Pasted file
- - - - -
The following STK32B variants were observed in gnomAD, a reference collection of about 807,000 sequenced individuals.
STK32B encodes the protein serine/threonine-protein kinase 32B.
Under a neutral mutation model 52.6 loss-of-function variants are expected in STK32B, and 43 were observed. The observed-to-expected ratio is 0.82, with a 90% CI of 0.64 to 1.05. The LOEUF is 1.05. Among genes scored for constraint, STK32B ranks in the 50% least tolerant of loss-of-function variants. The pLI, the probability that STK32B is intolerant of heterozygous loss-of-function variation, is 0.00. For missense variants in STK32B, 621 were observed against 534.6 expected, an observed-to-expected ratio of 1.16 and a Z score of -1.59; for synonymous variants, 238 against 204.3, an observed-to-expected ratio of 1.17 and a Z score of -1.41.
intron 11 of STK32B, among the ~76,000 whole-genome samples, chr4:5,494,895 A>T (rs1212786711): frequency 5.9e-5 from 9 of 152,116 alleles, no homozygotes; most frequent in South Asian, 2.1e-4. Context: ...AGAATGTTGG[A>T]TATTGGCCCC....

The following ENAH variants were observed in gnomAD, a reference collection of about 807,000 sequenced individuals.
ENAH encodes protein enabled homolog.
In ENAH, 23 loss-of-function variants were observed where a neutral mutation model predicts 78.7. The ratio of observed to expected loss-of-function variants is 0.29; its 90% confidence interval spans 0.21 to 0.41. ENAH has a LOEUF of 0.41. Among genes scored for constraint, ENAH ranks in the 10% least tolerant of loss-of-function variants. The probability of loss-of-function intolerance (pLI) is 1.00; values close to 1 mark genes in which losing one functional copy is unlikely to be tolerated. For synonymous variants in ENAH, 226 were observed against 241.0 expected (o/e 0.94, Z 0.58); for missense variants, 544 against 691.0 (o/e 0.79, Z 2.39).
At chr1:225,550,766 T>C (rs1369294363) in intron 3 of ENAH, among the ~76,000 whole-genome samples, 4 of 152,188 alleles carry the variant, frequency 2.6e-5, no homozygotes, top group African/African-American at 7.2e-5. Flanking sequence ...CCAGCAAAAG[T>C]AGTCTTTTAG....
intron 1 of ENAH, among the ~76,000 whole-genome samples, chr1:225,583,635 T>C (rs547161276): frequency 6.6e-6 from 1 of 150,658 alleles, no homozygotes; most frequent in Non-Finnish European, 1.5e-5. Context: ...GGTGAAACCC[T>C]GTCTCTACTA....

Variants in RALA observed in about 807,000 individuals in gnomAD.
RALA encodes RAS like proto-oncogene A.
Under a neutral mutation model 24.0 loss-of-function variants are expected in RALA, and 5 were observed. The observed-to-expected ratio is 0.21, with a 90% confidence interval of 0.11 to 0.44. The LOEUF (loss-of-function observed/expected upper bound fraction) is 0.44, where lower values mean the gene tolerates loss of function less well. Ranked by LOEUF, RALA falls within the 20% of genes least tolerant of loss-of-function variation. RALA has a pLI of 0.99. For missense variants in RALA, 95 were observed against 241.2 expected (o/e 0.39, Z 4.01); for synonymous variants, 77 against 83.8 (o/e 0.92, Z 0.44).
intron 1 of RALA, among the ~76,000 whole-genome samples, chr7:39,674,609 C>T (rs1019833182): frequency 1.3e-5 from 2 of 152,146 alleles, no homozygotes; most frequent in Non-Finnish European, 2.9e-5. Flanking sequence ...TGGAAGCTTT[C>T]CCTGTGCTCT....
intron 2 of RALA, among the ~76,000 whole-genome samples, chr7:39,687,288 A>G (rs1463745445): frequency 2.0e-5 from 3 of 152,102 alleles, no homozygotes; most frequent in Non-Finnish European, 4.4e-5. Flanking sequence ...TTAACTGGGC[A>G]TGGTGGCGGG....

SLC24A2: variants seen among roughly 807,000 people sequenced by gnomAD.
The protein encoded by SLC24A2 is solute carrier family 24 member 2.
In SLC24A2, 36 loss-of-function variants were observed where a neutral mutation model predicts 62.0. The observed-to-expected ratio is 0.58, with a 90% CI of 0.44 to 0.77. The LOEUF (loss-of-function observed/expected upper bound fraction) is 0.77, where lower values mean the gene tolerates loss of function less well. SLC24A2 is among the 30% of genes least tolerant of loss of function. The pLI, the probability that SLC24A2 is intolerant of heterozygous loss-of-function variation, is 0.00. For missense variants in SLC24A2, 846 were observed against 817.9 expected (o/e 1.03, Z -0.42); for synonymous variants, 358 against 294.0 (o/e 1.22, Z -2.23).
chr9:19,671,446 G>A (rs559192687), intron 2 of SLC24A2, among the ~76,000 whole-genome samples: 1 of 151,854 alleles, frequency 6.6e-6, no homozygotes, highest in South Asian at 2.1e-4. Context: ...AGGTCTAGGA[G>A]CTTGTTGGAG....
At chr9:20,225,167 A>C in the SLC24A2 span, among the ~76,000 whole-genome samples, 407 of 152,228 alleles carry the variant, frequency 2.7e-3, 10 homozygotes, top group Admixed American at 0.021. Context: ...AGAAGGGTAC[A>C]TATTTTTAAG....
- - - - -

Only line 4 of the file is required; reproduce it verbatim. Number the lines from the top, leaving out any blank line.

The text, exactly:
intron 11 of STK32B, among the ~76,000 whole-genome samples, chr4:5,494,895 A>T (rs1212786711): frequency 5.9e-5 from 9 of 152,116 alleles, no homozygotes; most frequent in South Asian, 2.1e-4. Context: ...AGAATGTTGG[A>T]TATTGGCCCC....